Google brings Street View to iOS via mobile web site update

Alex Masters

streetview car 300x225 Google brings Street View to iOS via mobile web site updateIn light of the recent Apple Maps controversy that plagued the iPhone 5 launch and saw the removal of Google Maps in iOS, Google have updated their mobile web app to include Street View mode. This should help compensate the many frustrated iOS 6 users for the time being, while Google builds a native Google Maps app for the iPhone, iPod Touch and iPad, and trying to preventing users from switching to alternative services such as Garmin’s updated Navigon app.

The Google Street View mobile experience is similar to that of the previous Google Maps app on iOS, albeit a little less smooth and polished. Not that the old maps app was anything to get excited about. Just as before, you can use your fingers to pan around and view locations in 360 degrees via a first-person perspective using the device’s touch screen.

While Apple’s iOS developers scramble to improve the Apple Maps experience, Google have a unique opportunity to show off their Android operating system, using Google Maps as the hook to reel Apple fans in. I was demonstrating Google Maps on Android to an iPhone user this weekend and he was blown away by how feature-rich the experience was compared to the iOS equivalent.

I spent a few extra minutes showing off a series of Android’s best features to him and he was astonished at how polished and advanced it was. By the time I had finished, he became genuinely angry with how little his iPhone 5 had in comparison. I did the same with about half a dozen more iPhone 4 and 4S users to see if this was just a one off but each person was markedly impressed with the latest version of Android.

I was surprised by how little people knew about Android and its features compared to iOS. It became obvious that this mapping misstep by Apple gives Google a unique opportunity to show off Android to an audience that normally wouldn’t consider anything other than the iPhone, but for a short period of time their eyes and ears are wide open to alternatives.

Arguably the biggest barrier preventing people from switching platforms is their investment in apps. If you have to pay for all your apps again just to make the switch, then this would be a deal breaker for most people. Perhaps it’s time Google offered a service in conjunction with app developers to allow a purchased app to be transferred from one OS to another. If I were Google, I’d do anything I could to capitalise on Apple’s PR fumble.

Have you considered switching in light of the recent maps issues? Is Google Maps a deal breaker for you? Would you make the switch if you could take your paid apps with you? Let us know in the comments below.

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  • Fool_Brittania

    Most of your 100+ Apps are standard with the Samsung Note 2 and the S3.

    Just think, Apple took 30% commission on every one of them – using Apple doesn’t come cheap AND you can’t expand memory unlike the Samsung which thoughtfully provides an SD socket.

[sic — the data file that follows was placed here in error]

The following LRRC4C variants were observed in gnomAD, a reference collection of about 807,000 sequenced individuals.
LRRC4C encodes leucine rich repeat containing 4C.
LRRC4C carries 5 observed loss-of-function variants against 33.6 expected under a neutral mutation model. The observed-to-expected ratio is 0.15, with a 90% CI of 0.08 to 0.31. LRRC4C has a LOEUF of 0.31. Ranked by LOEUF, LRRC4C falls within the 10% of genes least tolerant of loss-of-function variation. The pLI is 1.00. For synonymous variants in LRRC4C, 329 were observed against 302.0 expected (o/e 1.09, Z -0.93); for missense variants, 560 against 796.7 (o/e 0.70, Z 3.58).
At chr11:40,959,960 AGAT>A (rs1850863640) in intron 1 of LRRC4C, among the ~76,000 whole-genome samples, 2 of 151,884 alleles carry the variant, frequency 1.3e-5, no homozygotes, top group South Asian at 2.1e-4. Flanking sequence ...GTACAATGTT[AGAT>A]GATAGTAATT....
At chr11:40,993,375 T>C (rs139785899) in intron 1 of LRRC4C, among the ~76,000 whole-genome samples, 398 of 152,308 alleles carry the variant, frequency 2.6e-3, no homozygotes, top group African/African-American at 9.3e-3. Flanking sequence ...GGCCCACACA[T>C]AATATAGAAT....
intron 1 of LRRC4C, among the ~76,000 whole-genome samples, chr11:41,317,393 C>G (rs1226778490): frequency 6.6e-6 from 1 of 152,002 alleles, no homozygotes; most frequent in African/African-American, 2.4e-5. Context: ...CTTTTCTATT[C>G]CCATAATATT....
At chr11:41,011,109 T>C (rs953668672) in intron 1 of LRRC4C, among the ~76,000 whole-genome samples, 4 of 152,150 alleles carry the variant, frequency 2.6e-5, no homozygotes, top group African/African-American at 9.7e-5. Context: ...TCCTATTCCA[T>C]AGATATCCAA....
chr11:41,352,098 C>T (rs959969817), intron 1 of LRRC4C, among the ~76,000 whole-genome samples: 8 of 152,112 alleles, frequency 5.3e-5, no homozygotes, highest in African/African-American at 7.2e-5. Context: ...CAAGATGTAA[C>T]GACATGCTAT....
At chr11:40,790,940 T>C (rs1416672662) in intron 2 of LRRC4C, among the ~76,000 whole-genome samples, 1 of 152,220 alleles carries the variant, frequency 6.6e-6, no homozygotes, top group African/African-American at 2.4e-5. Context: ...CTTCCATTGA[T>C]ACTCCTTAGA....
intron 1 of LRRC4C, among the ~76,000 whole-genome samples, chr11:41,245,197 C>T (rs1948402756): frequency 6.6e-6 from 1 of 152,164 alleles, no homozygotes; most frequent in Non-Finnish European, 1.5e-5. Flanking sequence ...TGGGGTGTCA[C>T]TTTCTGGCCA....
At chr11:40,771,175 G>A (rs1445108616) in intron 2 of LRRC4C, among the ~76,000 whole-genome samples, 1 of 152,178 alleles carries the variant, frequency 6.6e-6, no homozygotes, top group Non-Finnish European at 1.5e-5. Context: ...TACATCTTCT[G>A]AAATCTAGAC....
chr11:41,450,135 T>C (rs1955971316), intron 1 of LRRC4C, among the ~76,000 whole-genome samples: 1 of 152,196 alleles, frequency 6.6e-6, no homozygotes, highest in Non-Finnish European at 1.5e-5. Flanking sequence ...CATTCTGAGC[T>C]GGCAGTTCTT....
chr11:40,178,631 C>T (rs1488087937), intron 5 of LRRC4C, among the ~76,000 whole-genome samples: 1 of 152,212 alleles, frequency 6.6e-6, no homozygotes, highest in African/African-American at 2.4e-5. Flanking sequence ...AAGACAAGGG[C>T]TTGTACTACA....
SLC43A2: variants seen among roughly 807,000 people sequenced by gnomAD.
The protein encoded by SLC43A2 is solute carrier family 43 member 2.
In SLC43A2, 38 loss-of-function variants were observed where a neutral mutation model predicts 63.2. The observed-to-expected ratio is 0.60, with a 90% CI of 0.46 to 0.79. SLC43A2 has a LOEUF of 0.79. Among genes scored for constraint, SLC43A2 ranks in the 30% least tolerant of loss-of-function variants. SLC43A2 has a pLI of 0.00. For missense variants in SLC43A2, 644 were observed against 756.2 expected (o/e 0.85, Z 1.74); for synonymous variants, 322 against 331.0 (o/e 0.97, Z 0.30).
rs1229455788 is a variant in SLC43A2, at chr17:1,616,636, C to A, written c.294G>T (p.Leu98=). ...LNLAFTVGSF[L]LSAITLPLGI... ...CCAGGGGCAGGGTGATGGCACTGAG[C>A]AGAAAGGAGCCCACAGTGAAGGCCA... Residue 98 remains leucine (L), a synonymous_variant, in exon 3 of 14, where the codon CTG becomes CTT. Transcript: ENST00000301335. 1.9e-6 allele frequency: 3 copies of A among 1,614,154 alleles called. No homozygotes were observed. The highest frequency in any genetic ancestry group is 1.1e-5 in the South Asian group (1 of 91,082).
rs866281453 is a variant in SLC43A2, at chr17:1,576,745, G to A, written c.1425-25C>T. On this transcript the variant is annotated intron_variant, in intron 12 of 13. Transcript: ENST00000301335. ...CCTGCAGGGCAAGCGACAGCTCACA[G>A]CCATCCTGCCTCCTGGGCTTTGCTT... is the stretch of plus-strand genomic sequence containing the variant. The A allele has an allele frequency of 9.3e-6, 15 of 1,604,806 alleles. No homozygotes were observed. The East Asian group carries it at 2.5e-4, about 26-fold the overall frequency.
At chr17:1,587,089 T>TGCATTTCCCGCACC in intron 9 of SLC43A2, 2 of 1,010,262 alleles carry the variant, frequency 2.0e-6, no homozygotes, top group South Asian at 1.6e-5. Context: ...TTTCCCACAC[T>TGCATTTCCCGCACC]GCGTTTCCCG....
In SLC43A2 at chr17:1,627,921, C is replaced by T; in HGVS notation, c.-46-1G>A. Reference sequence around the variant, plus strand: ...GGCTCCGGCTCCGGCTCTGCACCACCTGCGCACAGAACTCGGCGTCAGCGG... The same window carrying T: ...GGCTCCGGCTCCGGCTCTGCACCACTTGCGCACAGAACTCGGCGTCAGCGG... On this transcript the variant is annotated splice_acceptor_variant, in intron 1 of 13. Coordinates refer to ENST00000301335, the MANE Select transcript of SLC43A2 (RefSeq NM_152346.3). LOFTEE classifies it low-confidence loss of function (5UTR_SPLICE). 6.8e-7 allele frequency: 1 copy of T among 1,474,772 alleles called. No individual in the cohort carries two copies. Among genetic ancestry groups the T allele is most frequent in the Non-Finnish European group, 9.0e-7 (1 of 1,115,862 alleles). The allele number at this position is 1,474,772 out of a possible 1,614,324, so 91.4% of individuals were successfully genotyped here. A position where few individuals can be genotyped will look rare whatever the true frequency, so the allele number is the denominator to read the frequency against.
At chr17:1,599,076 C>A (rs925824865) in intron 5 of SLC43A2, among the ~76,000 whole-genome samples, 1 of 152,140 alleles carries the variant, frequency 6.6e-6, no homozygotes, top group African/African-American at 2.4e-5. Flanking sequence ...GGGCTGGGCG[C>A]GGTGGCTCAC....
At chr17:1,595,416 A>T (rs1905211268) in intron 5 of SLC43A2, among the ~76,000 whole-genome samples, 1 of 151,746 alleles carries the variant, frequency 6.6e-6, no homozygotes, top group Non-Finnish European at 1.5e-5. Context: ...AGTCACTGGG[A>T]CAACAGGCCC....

So your 100+ are reducing the amount of data you can process / store. Little wonder Apple needs the iCloud!

  • aldredd

    Because iPhone users aren’t a community that want to support each other. They want everything handed to them. They won’t want to work as a ‘crowd’ to improve the app.
    ok, there will be some that will, and there are plenty of google users who don’t want to / don’t know how to / don’t know they can etc – but this will be a bigger problem for apple with a much lower overall user base from which to expect these maps to be improved by.

  • Brian C

    I think you’ve missed the point, I can’t see any sensible reason to change from a system that works well to one that appears to be less secure.
    Many of the apps i use were free and if I changed I would have the hassle of starting all over again. I don’t need loads of fancy features I’m not going to use so I think I’ll stick with my Apple.

  • countgrassi

    You’ve made me think a bit more on changing BUT with the iphone it’s all to do with the DESIGN and user-friendliness. It may well be lacking to a certain extent in comparison to Samsung or HTC. It remains though a beautiful design. Don’t underestimate this as important over function. In saying that the iphone is brilliant in terms of function too. If your level of geekiest is high get an android. Otherwise stick with the overall best on offer – the iphone.

  • Alex Masters

    Great comment, thanks for spending the time writing this. As an Apple computer user I love how they have developed their desktop OS (although I’m not too keen on the iOS features and skeuomorphism making their way into the experience), but I find the iOS experience lacking in a lot of ways.

    A common misconception is that Android users like Android because you can tinker with it and change the skin, fonts and functions etc, but that is not generally the case. People say that Android is like Windows in that way, but I totally disagree it’s the other way around.

    Android feels like the OS X equivalent in the mobile space, iOS makes the iPhone feel like a ‘my first smartphone’ experience.

    Android users love the OS because it offers a huge array of helpful features that simply cannot be found on iOS. I think Apple aren’t innovating as much with iOS simply because the competition are snapping up all the other possible features ahead of Apple. The competition are slowly but surely starting to think like Apple and that is hindering iOS development in my opinion.

    Not only that but patents will hold back iOS innovation too. It’s going to be hard for Apple to take iOS in any new direction when the competition are covering all the bases already. Interesting times ahead.

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